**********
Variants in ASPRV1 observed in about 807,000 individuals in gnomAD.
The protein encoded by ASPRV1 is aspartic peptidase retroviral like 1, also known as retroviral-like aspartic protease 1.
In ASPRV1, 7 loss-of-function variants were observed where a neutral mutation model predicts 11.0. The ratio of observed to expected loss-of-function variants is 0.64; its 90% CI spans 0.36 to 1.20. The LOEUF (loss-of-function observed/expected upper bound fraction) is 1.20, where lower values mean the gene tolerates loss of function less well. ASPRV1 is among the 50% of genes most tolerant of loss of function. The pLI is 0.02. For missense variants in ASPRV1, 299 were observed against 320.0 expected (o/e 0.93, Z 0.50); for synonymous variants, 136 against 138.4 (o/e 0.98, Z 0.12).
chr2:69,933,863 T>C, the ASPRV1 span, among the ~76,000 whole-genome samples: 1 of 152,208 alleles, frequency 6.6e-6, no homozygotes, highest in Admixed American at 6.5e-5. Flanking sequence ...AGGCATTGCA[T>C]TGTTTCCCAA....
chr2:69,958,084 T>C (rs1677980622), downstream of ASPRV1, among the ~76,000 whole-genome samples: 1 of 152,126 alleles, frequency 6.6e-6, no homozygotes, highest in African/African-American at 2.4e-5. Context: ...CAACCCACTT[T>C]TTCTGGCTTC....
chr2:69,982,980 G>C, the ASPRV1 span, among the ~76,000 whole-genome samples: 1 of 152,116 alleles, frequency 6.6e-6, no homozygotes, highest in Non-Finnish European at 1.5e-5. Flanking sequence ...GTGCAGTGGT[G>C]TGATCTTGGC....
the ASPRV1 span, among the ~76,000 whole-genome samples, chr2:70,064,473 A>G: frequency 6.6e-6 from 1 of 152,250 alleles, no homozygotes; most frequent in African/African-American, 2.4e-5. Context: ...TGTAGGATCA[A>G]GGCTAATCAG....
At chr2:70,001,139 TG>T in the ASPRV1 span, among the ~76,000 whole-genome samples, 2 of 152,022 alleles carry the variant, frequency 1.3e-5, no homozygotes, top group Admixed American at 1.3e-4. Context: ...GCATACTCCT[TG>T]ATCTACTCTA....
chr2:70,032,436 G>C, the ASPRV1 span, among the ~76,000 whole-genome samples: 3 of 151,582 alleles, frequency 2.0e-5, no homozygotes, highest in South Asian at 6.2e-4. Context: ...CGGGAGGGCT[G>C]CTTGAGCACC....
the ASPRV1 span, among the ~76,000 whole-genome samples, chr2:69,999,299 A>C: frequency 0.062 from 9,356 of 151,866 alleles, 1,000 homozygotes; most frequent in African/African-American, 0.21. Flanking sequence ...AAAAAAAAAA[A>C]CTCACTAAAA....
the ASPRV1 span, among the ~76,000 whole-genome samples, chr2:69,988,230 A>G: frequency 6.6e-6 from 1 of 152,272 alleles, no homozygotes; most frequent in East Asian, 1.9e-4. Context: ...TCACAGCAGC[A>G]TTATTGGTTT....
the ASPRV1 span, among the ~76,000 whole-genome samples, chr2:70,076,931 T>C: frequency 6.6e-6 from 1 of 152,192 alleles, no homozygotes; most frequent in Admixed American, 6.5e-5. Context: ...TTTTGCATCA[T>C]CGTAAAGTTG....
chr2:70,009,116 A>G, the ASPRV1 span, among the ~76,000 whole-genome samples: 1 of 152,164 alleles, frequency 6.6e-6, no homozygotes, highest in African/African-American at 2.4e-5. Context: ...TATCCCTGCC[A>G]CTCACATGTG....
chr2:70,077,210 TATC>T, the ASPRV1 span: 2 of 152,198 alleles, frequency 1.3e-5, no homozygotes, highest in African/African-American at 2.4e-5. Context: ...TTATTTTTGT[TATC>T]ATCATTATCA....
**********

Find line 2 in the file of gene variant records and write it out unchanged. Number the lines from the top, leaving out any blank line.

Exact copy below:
The protein encoded by ASPRV1 is aspartic peptidase retroviral like 1, also known as retroviral-like aspartic protease 1.